Skyrocketing prices for goods and services creating huge inflation coupled with the seemingly bottomless amount of spending creating untold amounts of money printing and incomprehensible debt that Washington is heaping on America has the Federal Reserve in a bit of a pickle. If they adjust their COVID-era policies of the past year and increase interest rates how will America pay the bonds it continues to issue and purchase on the $28 Trillion deficit? If they do nothing inflation will drive us into a recession. What to do, what to do…
The options are not good but they are going to have to do something.
Federal Reserve officials on Wednesday are expected to at least signal the pending start of talks about when and how to exit from the crisis-era policies the U.S. central bank put in place at the onset of the coronavirus pandemic last year.
With U.S. inflation rising faster than expected and the economy growing quickly, some policymakers are questioning whether the Fed should keep its benchmark short-term interest rate near zero and leave unchanged a massive bond-buying program used to stem the economic fallout from the pandemic.
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Jobs: The United States is still 7.5 million jobs short of where it was in early 2020, and the reopening of schools, concert venues and a host of other public areas remains an issue.
Import price surge: U.S. import prices skyrocketed 11.3% in May on a year-on-year basis, the Labor Department reported on Wednesday, with a jump in the cost of non-fuel industrial supplies and materials possibly setting the stage for continued increases in prices for finished goods.
U.S. housing starts: The rebound was less than expected last month and permits for future homebuilding fell, a sign of how recent outsized price increases for lumber and other supplies could sap demand and lead to slower growth.
Slow jobs recovery: Jobs recovery has been slower than expected thanks to the liberal bail out policies where it is more economical to stay home on government unemployment than do shift work forcing businesses to raise wages for shift workers resulting in higher costs to produce goods and services that get passed on to the consumer propelling inflation.
U.S. central bankers will take stock of all that in their latest policy statement, due to be released with fresh economic projections at 2 p.m. EDT (1800 GMT). Fed Chair Jerome Powell is scheduled to hold a news conference to elaborate on the two-day meeting.
Given the depth of the coronavirus downturn, the Fed is expected to continue emphasizing that it will support the economy until more workers are back on the job.
Yet enough has changed in recent months that analysts expect the Fed to at least acknowledge that an internal debate over an exit strategy has begun. That discussion will eventually lead to a plan to first reduce the monthly $120 billion in bond purchases to zero and then to start raising interest rates.
“This is about getting the ball rolling,” in a process that may take months to complete, and in a way that avoids any rapid shift in sentiment among investors or consumers that could damage the recovery in the meantime, wrote Tim Duy, chief U.S. economist for SGH Macro Advisors and a University of Oregon professor focused on Fed policy.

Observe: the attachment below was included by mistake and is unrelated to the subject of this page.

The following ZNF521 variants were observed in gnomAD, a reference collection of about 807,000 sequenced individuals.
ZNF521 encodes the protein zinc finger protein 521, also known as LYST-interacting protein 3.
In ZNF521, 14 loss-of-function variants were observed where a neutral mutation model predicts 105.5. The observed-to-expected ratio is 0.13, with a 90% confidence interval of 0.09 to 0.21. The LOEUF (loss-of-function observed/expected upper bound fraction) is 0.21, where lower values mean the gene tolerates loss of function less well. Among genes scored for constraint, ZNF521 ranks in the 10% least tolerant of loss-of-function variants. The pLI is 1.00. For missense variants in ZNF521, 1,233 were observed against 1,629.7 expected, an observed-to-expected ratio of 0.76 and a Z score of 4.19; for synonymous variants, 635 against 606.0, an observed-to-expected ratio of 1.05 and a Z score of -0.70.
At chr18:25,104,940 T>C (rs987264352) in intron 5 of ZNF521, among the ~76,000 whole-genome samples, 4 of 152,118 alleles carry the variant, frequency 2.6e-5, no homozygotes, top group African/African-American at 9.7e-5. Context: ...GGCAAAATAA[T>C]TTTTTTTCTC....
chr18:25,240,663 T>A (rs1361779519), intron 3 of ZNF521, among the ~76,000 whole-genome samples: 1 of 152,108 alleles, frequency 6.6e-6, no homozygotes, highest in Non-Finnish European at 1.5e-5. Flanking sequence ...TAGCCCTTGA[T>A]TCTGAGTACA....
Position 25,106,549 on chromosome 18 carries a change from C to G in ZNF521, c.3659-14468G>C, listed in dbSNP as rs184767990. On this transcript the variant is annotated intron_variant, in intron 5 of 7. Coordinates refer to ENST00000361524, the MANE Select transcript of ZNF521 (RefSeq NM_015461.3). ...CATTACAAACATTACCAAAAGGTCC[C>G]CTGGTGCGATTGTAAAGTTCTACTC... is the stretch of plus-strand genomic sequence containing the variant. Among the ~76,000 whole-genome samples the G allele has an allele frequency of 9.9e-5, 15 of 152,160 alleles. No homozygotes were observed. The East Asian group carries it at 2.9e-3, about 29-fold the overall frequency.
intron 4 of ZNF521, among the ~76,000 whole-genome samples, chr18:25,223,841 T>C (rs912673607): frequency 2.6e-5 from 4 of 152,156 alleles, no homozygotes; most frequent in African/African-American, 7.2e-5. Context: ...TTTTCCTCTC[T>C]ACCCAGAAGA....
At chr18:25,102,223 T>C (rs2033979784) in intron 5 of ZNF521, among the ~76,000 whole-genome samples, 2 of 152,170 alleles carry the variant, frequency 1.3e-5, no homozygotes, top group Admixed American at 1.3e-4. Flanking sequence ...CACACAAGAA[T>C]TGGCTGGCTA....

The new interest rate and economic projections will show just how much policymakers’ views have changed since March, when Fed officials at the median still projected the first interest rate increase would be delayed until at least 2024.
U.S. job growth has been weaker than expected in the intervening weeks, but inflation has run hotter – a worst-of-both-worlds outcome that has forced the Fed to bank on recent price hikes proving “transitory,” and hiring to accelerate as the nation’s economic reopening continues.
The Fed has laid out an explicit test for any rate hike – including the need for inflation to not just reach but exceed the central bank’s 2% target “for some time” in order to make up for years of too-low inflation.
The economy may only be at the start of that journey, even with the recent jump in the Fed’s preferred inflation measure to 3.6%. While that was the highest in 13 years, it was only one monthly reading and driven by factors officials feel will fade.
Still, the timing for the initial “liftoff” of rates could shift into 2023 if only two or three officials feel the improved outlook, or a too-fast-return of inflation, would warrant faster action.
Deutsche Bank’s chief U.S. economist, Matthew Luzzetti, wrote last week that he felt it a “close call” whether the Fed’s updated interest rate projections would advance an initial rate hike into next year. Ultimately, he said, Fed officials will see keeping rates lower for longer as the better path.
“With the labor market lagging, no strong evidence that the Fed’s transitory inflation story is incorrect, and market pricing moving closer to the Fed’s views on inflation and the policy rate, the (Federal Open Market) Committee should not yet feel compelled to send a hawkish signal through their rates guidance,” Luzzetti said.
It is a sure bet nothing will happen quickly. Let’s face it, America can’t afford to pay the debt they keep accumulating and the bonds they keep buying on printed money with nothing behind it.
Reuters contributed to this report.
ARTICLE SOURCE : thefederalistpapers.org